Of course, this wouldn't really be much of an impediment anyways, since it can be done programmatically (without user interaction).

          Of course, all of the above is irrelevant, since even without actually modifying the kernel, malware can [i]still[/i] screw up your system pretty bad.

          So your advice is bad to the point of negligence, maybe even maliciousness; you're telling people they will be more secure using a solution that is clearly far less secure!
          AzuMao
  • So you want me to switch to an inferior platform...

    ...just to avoid the possibility of being hit by an exploit in an app?

    You need to lay of the crack sir.

    BTW methinks you you need to go back to school and do some learnin' on how OSs work because what you said about IE Protected mode and that rootkit makes no sense. Once a root kit is already installed on a system (ANY system), existing security mechanisms on the system are irrelevant.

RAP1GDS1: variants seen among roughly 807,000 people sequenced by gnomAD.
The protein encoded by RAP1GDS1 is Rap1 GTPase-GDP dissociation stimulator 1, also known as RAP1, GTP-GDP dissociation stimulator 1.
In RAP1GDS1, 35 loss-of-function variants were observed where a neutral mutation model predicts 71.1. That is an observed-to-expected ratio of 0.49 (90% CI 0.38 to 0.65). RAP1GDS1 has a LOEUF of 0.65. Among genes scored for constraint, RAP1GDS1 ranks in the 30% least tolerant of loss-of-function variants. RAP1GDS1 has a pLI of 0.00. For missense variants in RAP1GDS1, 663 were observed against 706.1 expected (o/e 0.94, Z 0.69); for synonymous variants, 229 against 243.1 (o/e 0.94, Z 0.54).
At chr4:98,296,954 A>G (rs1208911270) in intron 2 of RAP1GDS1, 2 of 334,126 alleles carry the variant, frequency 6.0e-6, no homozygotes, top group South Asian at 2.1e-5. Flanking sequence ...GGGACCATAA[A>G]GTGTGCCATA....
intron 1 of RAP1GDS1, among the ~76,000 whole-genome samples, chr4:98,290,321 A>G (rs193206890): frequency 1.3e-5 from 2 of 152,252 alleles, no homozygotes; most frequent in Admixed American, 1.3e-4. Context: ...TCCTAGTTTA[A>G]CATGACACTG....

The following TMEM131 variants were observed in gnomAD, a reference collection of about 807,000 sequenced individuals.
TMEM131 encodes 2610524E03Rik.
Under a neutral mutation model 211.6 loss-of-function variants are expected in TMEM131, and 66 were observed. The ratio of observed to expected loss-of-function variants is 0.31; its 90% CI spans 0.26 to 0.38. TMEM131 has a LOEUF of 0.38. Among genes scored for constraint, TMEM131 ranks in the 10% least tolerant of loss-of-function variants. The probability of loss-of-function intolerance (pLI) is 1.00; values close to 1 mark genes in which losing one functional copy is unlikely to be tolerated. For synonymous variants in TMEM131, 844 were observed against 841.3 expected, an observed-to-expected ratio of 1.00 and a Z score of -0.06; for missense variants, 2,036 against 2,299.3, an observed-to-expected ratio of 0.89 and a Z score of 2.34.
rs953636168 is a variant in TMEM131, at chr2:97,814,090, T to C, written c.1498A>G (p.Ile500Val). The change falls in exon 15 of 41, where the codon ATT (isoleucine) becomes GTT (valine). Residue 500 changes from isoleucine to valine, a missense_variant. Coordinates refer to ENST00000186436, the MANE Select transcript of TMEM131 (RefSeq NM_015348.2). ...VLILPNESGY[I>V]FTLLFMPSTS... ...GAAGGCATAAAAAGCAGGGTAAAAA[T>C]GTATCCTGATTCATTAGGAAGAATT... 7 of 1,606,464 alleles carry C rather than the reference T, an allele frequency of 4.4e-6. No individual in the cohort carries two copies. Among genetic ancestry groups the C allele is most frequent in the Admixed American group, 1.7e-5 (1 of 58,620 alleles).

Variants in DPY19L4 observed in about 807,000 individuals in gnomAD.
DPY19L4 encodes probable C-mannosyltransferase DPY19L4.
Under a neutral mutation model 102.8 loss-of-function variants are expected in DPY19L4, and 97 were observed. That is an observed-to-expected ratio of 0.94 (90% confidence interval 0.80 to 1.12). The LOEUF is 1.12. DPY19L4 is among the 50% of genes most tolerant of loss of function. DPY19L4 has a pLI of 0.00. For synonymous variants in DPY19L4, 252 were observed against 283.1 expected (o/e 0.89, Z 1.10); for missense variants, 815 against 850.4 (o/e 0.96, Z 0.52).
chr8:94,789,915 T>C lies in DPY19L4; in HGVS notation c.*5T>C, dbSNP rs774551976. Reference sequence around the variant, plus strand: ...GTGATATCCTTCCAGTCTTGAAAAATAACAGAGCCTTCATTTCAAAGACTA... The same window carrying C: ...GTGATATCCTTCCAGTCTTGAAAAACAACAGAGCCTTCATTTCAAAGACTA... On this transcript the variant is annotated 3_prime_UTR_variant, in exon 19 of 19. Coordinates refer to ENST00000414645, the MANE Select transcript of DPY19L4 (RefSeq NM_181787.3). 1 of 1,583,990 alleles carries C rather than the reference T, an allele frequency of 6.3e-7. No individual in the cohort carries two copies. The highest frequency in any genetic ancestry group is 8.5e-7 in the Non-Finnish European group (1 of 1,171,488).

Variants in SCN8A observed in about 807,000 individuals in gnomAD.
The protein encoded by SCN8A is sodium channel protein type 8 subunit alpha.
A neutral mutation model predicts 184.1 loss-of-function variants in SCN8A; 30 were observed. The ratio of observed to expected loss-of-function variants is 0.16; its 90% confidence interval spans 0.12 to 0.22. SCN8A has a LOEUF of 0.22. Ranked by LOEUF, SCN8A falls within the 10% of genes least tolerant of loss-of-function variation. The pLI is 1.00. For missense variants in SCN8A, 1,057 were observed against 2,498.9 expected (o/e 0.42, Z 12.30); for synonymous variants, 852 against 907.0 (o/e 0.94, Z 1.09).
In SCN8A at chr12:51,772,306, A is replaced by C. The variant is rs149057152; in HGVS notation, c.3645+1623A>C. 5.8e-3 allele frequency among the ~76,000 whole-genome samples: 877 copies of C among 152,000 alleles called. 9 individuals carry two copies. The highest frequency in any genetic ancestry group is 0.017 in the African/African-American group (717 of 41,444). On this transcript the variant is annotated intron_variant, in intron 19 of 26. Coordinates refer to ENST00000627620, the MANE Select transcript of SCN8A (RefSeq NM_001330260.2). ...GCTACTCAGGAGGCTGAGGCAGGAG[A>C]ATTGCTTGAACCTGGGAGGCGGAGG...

toadlife
    • how to get a rootkit in the first place

      Windows does benefit the malware writer in so many ways outside of the browser, one of which being the way the OS handles file execution.

      In all versions of windows, it does not seem to matter what the filename is, if it contains an executable payload it will run hands down at the users current privs.

      On linux, it has to be a payload that is specific to the associated application, then it will run.

      I know it goes far deeper but this is just one example of why linux attacks are much more focused or even interactive...
      ~doolittle~